There is a simple way to check the ignition advance wires.
  • Take off the four-wire plug on the ignition unit.
  • Using an ohmmeter, check the resistance between Yellow/Green and Yellow/Red, and between White/Green and White/Red.
  • I measured about 600 ohms. These pairs of wires simply run down to the pick-up coils and loop back to the ignition unit.
  • While the ohmmeter still connected, rotate the ignition advance unit a few times and move the wires around. If you lose continuity at all, or the resistance changes much, there is a problem with the wires and you should repair them.
Since the pick-up coils are nothing more than magnets, there probably isn't much more that can go wrong with them.

If the pick-up coils check out, the next thing to do is check the ignition coils. My Clymer manual says to measure the resistance between the plug wire caps for each coil. It should be 15K ohms +/- 10% at 68F.

The other test is to measure resistance between the colored wires leading to the coils from the ignition unit. At the coils themselves, expect 1.5 ohms +/- 10% at 68F.

In addition to these checks, I suggest that you measure the resistance of the colored wires at the ignition unit.
  • Pull out the eight-wire plug
  • Measure resistance between Orange and Red/White, and between Gray and Red/White.
  • Expect it to be a bit higher (approx 1 ohm higher) than what you got at the coils themselves because there is a resistor in the circuit.
  • If these tests are all OK, then the coils are probably fine.
Advanced Tests
If you've made it this far and have not found the problem yet, chances are pretty good it is the ignition unit. However, it might make sense to be more sure of that before taking the ignition unit apart or replacing it. Just be careful with these steps - if you're not careful, you could break something!
  • First, make sure everything you've unplugged or disconnected is back where it belongs.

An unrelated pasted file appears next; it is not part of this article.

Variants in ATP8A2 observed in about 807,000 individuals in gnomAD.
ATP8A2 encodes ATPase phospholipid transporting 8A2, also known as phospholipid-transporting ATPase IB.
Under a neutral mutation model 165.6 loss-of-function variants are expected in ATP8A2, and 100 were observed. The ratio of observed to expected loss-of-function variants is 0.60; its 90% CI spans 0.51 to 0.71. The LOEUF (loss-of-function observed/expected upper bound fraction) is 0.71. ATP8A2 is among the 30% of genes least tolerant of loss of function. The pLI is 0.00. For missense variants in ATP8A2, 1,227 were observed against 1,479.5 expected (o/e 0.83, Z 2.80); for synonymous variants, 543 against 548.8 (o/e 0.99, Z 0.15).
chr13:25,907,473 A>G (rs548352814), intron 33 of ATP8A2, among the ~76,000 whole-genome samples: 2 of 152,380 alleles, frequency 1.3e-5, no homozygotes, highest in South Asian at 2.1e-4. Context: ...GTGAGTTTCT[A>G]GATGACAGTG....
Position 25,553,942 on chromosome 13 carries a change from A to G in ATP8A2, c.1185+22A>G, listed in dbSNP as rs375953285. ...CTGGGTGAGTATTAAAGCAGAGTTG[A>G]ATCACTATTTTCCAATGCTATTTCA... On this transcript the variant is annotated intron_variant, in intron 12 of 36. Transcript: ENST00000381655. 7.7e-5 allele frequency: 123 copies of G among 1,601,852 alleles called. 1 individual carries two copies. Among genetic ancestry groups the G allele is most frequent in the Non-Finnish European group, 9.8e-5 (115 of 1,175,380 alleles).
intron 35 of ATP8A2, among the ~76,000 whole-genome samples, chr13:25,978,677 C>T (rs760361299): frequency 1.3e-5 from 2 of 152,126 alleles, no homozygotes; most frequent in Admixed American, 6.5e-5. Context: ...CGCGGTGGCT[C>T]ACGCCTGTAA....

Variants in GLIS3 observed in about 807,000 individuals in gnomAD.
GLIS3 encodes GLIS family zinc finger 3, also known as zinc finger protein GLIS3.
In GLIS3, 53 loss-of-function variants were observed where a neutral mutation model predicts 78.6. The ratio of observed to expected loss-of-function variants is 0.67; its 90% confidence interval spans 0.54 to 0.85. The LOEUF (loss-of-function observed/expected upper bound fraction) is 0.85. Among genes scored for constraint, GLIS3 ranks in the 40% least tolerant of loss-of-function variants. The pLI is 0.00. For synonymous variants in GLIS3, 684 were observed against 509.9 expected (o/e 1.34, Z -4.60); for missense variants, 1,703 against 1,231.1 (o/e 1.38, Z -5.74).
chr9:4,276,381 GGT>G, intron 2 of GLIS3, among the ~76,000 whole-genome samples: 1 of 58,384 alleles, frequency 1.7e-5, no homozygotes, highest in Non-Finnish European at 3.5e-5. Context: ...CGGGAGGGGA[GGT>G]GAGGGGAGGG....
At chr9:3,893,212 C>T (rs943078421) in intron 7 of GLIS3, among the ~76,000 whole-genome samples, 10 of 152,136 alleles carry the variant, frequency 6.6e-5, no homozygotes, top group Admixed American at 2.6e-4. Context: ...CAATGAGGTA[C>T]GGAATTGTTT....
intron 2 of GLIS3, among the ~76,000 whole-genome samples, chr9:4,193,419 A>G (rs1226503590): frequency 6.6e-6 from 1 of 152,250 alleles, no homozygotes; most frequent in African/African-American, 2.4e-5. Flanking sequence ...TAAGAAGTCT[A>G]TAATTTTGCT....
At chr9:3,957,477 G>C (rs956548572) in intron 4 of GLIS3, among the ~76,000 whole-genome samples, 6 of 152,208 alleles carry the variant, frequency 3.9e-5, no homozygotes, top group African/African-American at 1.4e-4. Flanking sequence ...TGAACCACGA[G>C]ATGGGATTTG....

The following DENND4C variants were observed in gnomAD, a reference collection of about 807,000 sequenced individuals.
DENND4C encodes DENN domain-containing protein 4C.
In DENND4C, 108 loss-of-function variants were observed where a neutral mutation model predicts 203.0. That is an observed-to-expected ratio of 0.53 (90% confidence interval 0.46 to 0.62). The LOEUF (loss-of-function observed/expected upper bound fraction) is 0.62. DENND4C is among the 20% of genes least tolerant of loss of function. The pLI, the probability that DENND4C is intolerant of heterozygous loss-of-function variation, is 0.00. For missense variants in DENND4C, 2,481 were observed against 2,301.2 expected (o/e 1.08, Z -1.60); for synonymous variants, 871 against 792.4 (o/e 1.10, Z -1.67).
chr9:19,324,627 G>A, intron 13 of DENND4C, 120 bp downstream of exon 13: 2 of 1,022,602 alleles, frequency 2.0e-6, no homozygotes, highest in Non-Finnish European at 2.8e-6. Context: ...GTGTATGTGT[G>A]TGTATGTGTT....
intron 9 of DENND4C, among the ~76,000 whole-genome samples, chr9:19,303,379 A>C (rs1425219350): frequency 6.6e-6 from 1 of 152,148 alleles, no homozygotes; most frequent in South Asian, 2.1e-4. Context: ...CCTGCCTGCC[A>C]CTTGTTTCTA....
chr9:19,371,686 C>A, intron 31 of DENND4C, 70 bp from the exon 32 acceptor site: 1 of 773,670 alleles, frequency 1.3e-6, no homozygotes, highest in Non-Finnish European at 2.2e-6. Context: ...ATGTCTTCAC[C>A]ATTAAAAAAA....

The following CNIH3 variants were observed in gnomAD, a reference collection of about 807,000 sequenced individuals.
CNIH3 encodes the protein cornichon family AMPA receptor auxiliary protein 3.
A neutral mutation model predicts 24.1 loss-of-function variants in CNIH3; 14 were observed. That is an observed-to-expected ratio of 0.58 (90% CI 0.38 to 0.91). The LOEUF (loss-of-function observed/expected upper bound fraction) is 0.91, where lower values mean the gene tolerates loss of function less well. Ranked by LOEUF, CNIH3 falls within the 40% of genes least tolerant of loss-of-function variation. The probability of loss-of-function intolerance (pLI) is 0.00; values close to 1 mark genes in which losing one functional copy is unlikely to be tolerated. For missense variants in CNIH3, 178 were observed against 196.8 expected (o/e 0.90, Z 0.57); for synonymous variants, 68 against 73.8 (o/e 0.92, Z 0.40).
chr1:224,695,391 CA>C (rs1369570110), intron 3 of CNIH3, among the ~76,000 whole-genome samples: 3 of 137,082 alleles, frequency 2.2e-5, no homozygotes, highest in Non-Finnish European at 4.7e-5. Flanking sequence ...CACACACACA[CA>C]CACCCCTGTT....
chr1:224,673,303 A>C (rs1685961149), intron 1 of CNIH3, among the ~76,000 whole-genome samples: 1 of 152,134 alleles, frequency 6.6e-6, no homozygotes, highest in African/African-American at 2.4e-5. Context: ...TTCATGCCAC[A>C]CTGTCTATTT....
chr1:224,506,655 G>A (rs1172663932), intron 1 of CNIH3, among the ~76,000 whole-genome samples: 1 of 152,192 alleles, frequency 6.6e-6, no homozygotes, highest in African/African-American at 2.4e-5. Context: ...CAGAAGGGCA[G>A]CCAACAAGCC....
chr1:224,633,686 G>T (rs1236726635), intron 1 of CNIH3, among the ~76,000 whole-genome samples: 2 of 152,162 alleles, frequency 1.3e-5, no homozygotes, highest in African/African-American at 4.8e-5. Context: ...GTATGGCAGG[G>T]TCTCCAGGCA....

• Next, unscrew one spark plug from a failing cylinder and one from a cylinder that works. Stick them back into the plug caps and lay them so the hex nut part of the plug is touching the engine metal.
  • Crank the engine briefly and confirm that there is no spark on the missing cylinder and there is a spark on the good one.
To completely eliminate the ignition coils as the problem,
  • swap the orange and gray wires leading to the ignition coils.
  • Crank the engine again. If the dead plug now fires and the good one is dead, then you have a bad ignition coil.
  • Otherwise, it is either the ignition unit, the pick-up coils, or the wiring.
  • Put the orange and gray wire back into their proper connector.
The next test is to determine if the problem is in the ignition unit or the pick-up coils. This step is a little risky, so be careful.
  • First, record the wire colors in the four-wire plug on the ignition unit.
  • Now, double-check what you just wrote down.
  • Next, remove each wire connector from the plastic four-wire connector. Under each wire connector, inside the plastic plug, there is a small metal hook. Use a small screwdriver forced in from the back of the connector to unhook the connector and pull it out.
Once all four wires are out of the plug, reconnect them in their original order. Crank the engine and make sure the bad plug is still bad and the good one is still good.

Now, move the upper pair to the bottom and the lower pair to the top. In my case, White/Green and White/Red were switched with Yellow/Green and Yellow/Red. Keep each pair's order the same relative to each other.

Now, crank the bike again. If the bad stays bad and the good plug stays good, then the problem is your ignition unit. If the plug spark changes, then the pick-up coils are the problem. Carefully put the wires back into the plastic plug in their proper place.

In my case, the problem was in the ignition unit. Rather than replace it, I opened it up. The circuitry inside the unit is quite heavy-duty and it looks like it was designed to take a lot of vibration. However, in my case, the problem was obvious. Near the place where the eight-wire connector attaches, one solder connection was cracked and partially gone. A quick check with the ohmmeter confirmed that there was resistance between it and the plug connector. Within a few minutes, I had resoldered the connection. Shortly after that, I had the bike running on all four cylinders again.

It took me almost a week of nights to figure this out. I hope the time invested in recording the details helps all of my fellow XS11 riders out there. Certainly, they've taken the time to help me when I've needed it.